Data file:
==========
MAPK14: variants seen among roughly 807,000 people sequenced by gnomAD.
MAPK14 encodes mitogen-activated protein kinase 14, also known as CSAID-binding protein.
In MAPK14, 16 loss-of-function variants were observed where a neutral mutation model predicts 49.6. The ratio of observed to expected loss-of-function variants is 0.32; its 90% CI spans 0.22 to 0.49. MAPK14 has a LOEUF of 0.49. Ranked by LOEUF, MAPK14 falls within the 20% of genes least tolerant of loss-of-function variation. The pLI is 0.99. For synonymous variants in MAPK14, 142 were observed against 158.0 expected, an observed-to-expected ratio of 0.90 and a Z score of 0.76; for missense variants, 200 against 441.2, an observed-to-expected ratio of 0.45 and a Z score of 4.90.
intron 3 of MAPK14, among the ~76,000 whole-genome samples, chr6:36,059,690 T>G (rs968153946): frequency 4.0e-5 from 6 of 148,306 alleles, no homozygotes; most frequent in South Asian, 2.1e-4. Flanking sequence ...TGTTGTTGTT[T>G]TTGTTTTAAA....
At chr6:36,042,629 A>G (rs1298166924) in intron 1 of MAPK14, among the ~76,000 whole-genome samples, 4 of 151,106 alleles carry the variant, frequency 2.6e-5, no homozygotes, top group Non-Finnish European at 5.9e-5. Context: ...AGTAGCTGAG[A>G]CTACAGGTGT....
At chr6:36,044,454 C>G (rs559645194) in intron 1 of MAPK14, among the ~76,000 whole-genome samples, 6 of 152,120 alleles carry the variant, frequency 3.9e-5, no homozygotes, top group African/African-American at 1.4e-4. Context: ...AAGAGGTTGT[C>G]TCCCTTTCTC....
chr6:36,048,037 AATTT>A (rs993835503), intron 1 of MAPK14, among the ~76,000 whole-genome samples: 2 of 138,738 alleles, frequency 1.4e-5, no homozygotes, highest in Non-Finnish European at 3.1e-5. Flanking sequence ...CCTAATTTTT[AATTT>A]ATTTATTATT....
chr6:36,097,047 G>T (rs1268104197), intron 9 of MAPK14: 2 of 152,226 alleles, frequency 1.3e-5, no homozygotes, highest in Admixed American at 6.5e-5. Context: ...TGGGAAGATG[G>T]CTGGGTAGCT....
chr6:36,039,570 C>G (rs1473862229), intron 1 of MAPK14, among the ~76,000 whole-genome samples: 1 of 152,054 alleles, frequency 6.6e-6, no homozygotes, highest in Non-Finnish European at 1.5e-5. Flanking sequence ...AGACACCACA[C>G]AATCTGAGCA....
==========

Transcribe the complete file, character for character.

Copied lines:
MAPK14: variants seen among roughly 807,000 people sequenced by gnomAD.
MAPK14 encodes mitogen-activated protein kinase 14, also known as CSAID-binding protein.
In MAPK14, 16 loss-of-function variants were observed where a neutral mutation model predicts 49.6. The ratio of observed to expected loss-of-function variants is 0.32; its 90% CI spans 0.22 to 0.49. MAPK14 has a LOEUF of 0.49. Ranked by LOEUF, MAPK14 falls within the 20% of genes least tolerant of loss-of-function variation. The pLI is 0.99. For synonymous variants in MAPK14, 142 were observed against 158.0 expected, an observed-to-expected ratio of 0.90 and a Z score of 0.76; for missense variants, 200 against 441.2, an observed-to-expected ratio of 0.45 and a Z score of 4.90.
intron 3 of MAPK14, among the ~76,000 whole-genome samples, chr6:36,059,690 T>G (rs968153946): frequency 4.0e-5 from 6 of 148,306 alleles, no homozygotes; most frequent in South Asian, 2.1e-4. Flanking sequence ...TGTTGTTGTT[T>G]TTGTTTTAAA....
At chr6:36,042,629 A>G (rs1298166924) in intron 1 of MAPK14, among the ~76,000 whole-genome samples, 4 of 151,106 alleles carry the variant, frequency 2.6e-5, no homozygotes, top group Non-Finnish European at 5.9e-5. Context: ...AGTAGCTGAG[A>G]CTACAGGTGT....
At chr6:36,044,454 C>G (rs559645194) in intron 1 of MAPK14, among the ~76,000 whole-genome samples, 6 of 152,120 alleles carry the variant, frequency 3.9e-5, no homozygotes, top group African/African-American at 1.4e-4. Context: ...AAGAGGTTGT[C>G]TCCCTTTCTC....
chr6:36,048,037 AATTT>A (rs993835503), intron 1 of MAPK14, among the ~76,000 whole-genome samples: 2 of 138,738 alleles, frequency 1.4e-5, no homozygotes, highest in Non-Finnish European at 3.1e-5. Flanking sequence ...CCTAATTTTT[AATTT>A]ATTTATTATT....
chr6:36,097,047 G>T (rs1268104197), intron 9 of MAPK14: 2 of 152,226 alleles, frequency 1.3e-5, no homozygotes, highest in Admixed American at 6.5e-5. Context: ...TGGGAAGATG[G>T]CTGGGTAGCT....
chr6:36,039,570 C>G (rs1473862229), intron 1 of MAPK14, among the ~76,000 whole-genome samples: 1 of 152,054 alleles, frequency 6.6e-6, no homozygotes, highest in Non-Finnish European at 1.5e-5. Flanking sequence ...AGACACCACA[C>G]AATCTGAGCA....